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Should schools still use detention?

 
Detention may not be the best form of discipline, suggests Nawaal Dreyer.
By Nawaal Dreyer

Pic: Shutterstock

Article originally in Parent24
"Mommy please can you sign this- I have to go to detention this afternoon." The official note on the school letterhead was dated 3 days ago! “What did you do?” I asked, forgetting to ask where the note had been for the past 3 days.

It was the 2nd week of the first term, new school and new grade.

Overreactive teachers?

Turned out he had forgotten to paste notes in his book, despite being reminded about it, and the teacher, on her last functioning nerve, had torn up the notes and sentenced him to an hour after school. He had, in a bout of adolescent Alzheimer’s, forgotten to give me the note.

Now I have absolutely no problem with discipline but this was a bit ridiculous. Sure he needed to take responsibility for the notes printed and handed to him but detention!

Let the punishment fit the crime

Whilst I appreciate that schools have to have a system in place to deal with errant learners, in this instance, making him paste the notes in his book whilst watching him would have sufficed. Needless to say he had a marvellous time in detention and made lots of friends from higher grades.

A little parent pop-survey showed that most schools still have detention, some well-managed and others not at all.

Demerit system

At one school, instead of immediate detention, children were immediately issued with 25 merits and, as quickly, the merits dissolved and demerits appeared. Once the demerits had run out (and they were for minor things like leaving a book at home), the child would then be sent to detention the next afternoon. Even late-coming earned a detention – I’m sure just to further frustrate the parent. These children were given a specific task to complete whilst in detention and this was then checked the next day.

Potential dangers of detention

One parent relayed the story of his child that had been kept in detention on the same day of his offence, missed his bus, had to take a taxi which dropped him away from his normal route and was mugged less than 100 metres from his front door. Needless to say the parent was irate and more so as he was completely unaware of what had happened until he got home.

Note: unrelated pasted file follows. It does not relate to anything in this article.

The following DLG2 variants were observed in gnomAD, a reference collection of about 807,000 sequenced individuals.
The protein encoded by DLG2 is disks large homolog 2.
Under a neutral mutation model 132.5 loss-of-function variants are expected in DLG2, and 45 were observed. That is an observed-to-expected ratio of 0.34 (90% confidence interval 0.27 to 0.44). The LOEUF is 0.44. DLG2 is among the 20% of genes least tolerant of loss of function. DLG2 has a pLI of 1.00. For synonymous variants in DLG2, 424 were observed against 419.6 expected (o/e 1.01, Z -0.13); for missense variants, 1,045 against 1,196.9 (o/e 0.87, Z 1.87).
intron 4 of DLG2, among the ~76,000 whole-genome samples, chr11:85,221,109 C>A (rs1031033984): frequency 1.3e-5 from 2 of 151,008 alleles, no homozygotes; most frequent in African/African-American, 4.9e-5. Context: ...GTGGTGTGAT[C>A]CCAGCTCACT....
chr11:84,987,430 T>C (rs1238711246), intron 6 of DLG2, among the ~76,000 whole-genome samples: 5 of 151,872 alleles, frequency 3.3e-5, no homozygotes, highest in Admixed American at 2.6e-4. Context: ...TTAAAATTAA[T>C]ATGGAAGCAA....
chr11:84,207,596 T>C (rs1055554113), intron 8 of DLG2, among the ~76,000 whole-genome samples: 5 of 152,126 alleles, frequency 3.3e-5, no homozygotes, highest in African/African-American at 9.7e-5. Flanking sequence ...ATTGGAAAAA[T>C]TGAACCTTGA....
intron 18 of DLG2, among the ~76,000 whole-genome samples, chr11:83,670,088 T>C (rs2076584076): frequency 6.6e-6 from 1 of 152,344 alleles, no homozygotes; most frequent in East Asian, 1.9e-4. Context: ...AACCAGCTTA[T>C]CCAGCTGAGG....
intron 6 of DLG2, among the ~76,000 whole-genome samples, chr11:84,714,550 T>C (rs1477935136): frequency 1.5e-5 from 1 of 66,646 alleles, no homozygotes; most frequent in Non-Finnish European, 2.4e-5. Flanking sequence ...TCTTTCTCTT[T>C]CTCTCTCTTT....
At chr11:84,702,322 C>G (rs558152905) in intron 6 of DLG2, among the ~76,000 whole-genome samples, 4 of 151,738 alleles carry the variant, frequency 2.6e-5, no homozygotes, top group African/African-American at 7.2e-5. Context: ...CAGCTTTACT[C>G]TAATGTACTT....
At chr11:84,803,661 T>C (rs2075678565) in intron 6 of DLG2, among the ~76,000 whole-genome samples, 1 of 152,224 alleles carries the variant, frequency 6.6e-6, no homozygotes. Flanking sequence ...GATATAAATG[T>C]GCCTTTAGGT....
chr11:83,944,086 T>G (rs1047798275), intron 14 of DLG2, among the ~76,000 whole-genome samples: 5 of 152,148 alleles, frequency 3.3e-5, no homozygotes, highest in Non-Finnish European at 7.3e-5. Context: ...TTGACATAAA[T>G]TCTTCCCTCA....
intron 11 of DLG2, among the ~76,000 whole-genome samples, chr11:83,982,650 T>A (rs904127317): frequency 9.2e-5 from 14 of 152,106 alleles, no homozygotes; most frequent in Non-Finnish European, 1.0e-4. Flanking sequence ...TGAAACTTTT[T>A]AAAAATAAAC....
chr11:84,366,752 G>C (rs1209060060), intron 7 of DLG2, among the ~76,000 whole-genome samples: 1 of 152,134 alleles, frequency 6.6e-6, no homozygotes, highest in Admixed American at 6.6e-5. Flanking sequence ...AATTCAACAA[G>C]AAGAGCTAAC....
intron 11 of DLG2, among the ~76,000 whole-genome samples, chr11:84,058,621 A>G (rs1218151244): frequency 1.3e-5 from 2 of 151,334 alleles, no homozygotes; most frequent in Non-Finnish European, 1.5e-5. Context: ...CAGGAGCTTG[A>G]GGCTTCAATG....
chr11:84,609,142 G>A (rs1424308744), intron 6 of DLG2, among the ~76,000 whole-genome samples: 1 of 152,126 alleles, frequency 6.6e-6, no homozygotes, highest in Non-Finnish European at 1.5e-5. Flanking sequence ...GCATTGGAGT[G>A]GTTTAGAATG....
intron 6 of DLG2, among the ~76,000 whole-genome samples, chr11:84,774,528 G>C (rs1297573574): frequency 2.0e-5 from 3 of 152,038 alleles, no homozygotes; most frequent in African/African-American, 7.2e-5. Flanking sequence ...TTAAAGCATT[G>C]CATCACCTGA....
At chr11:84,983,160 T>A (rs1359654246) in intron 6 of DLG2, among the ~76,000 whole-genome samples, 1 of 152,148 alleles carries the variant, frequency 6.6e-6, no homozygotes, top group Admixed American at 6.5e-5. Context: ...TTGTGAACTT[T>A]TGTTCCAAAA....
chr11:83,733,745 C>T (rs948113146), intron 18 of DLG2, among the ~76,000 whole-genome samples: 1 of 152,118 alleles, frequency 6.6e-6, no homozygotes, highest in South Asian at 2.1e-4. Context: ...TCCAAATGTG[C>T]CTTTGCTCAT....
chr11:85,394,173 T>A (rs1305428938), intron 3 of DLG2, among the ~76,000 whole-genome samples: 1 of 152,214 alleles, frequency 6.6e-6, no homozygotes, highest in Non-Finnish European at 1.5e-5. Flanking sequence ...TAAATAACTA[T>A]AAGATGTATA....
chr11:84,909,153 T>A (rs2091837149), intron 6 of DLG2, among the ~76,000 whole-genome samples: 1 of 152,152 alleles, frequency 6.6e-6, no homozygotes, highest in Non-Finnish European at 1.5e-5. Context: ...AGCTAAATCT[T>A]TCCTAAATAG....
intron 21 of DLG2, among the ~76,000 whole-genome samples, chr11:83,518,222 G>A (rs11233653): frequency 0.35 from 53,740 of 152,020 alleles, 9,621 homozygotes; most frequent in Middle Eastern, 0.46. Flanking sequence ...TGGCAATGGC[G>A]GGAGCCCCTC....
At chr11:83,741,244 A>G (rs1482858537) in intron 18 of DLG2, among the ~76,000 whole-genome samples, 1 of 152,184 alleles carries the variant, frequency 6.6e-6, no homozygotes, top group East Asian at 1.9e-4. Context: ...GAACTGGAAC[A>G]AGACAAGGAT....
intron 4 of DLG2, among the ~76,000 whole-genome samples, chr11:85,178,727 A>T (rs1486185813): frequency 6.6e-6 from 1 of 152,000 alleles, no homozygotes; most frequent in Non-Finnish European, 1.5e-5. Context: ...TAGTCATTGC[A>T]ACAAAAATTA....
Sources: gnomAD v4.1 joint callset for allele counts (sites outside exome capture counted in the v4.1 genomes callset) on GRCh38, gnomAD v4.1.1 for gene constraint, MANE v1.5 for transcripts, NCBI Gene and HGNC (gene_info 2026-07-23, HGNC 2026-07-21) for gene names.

He is still fighting with the school with regard to their policy as well as the education department.

Time for active parenting

I have been reminded we sign our lives, and, by default, our children’s lives away when we agree to these draconian school policies when we enrol our children in schools, and one way that we can get rid of these policies or propose methods of sentencing our children for misdeeds is to become more active parents by getting involved with the governing bodies of our schools.

Having a child is like putting your hand in a lucky packet: you never quite know what you are going to get when you have a child, or exactly what they’re going to do to make you wonder if they could possibly have been swopped at birth.  No matter how difficult your child may be, however, it’s vital to take an active role in their schooling and discipline.


Disclaimer: The views of columnists published on Parent24 are their own and therefore do not necessarily represent the views of Parent24.

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What would you suggest is the best form of discipline for school kids?
Read more on: school  |  behaviour  |  developement
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